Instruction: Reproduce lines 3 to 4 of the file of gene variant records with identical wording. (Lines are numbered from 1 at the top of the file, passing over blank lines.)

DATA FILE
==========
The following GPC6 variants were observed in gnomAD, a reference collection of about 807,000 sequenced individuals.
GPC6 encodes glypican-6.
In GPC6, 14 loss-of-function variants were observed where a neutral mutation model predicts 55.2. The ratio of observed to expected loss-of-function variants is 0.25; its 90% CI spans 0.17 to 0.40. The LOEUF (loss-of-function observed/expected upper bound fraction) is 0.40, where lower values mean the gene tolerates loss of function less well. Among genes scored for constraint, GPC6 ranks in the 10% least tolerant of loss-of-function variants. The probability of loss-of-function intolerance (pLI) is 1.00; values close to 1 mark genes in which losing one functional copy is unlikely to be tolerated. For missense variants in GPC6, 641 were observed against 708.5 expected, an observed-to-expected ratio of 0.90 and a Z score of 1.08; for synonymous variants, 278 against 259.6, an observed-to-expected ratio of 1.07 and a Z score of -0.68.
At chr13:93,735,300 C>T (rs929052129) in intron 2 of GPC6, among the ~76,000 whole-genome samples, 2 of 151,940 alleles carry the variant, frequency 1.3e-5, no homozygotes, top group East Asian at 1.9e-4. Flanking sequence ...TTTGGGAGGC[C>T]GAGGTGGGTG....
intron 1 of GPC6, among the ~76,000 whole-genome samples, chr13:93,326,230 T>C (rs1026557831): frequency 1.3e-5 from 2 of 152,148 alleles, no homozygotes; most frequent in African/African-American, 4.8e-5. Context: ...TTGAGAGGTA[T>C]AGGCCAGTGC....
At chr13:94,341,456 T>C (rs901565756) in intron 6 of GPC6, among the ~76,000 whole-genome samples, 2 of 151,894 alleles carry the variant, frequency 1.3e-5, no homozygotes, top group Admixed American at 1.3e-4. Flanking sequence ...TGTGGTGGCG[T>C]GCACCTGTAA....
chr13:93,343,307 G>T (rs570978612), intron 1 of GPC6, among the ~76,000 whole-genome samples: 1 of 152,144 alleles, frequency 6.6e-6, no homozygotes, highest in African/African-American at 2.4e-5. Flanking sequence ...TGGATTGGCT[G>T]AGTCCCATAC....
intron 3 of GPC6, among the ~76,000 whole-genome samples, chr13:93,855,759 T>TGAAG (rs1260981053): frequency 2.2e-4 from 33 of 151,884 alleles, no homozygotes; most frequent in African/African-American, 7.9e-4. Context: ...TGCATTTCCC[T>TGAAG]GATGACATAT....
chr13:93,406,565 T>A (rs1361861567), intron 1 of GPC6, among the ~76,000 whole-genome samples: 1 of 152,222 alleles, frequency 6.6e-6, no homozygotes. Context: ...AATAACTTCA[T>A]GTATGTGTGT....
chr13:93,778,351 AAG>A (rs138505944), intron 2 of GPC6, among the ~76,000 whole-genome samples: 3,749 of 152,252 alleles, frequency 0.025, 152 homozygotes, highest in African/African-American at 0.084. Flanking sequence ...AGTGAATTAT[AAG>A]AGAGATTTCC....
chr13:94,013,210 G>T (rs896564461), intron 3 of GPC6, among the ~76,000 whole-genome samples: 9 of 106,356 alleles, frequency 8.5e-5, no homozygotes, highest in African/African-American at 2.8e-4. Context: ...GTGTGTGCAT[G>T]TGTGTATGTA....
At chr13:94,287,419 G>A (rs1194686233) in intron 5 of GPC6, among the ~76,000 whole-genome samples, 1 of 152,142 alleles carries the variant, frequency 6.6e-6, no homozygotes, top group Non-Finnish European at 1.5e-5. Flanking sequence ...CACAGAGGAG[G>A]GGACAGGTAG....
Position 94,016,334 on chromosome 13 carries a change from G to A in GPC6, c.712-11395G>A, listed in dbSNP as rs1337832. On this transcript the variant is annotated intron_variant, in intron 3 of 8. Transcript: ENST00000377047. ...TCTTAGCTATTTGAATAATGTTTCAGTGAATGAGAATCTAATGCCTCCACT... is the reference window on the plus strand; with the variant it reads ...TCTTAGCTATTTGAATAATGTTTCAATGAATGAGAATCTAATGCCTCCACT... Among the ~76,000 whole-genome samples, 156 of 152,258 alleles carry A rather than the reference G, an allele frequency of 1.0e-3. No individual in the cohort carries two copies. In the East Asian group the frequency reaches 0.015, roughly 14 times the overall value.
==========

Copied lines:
In GPC6, 14 loss-of-function variants were observed where a neutral mutation model predicts 55.2. The ratio of observed to expected loss-of-function variants is 0.25; its 90% CI spans 0.17 to 0.40. The LOEUF (loss-of-function observed/expected upper bound fraction) is 0.40, where lower values mean the gene tolerates loss of function less well. Among genes scored for constraint, GPC6 ranks in the 10% least tolerant of loss-of-function variants. The probability of loss-of-function intolerance (pLI) is 1.00; values close to 1 mark genes in which losing one functional copy is unlikely to be tolerated. For missense variants in GPC6, 641 were observed against 708.5 expected, an observed-to-expected ratio of 0.90 and a Z score of 1.08; for synonymous variants, 278 against 259.6, an observed-to-expected ratio of 1.07 and a Z score of -0.68.
At chr13:93,735,300 C>T (rs929052129) in intron 2 of GPC6, among the ~76,000 whole-genome samples, 2 of 151,940 alleles carry the variant, frequency 1.3e-5, no homozygotes, top group East Asian at 1.9e-4. Flanking sequence ...TTTGGGAGGC[C>T]GAGGTGGGTG....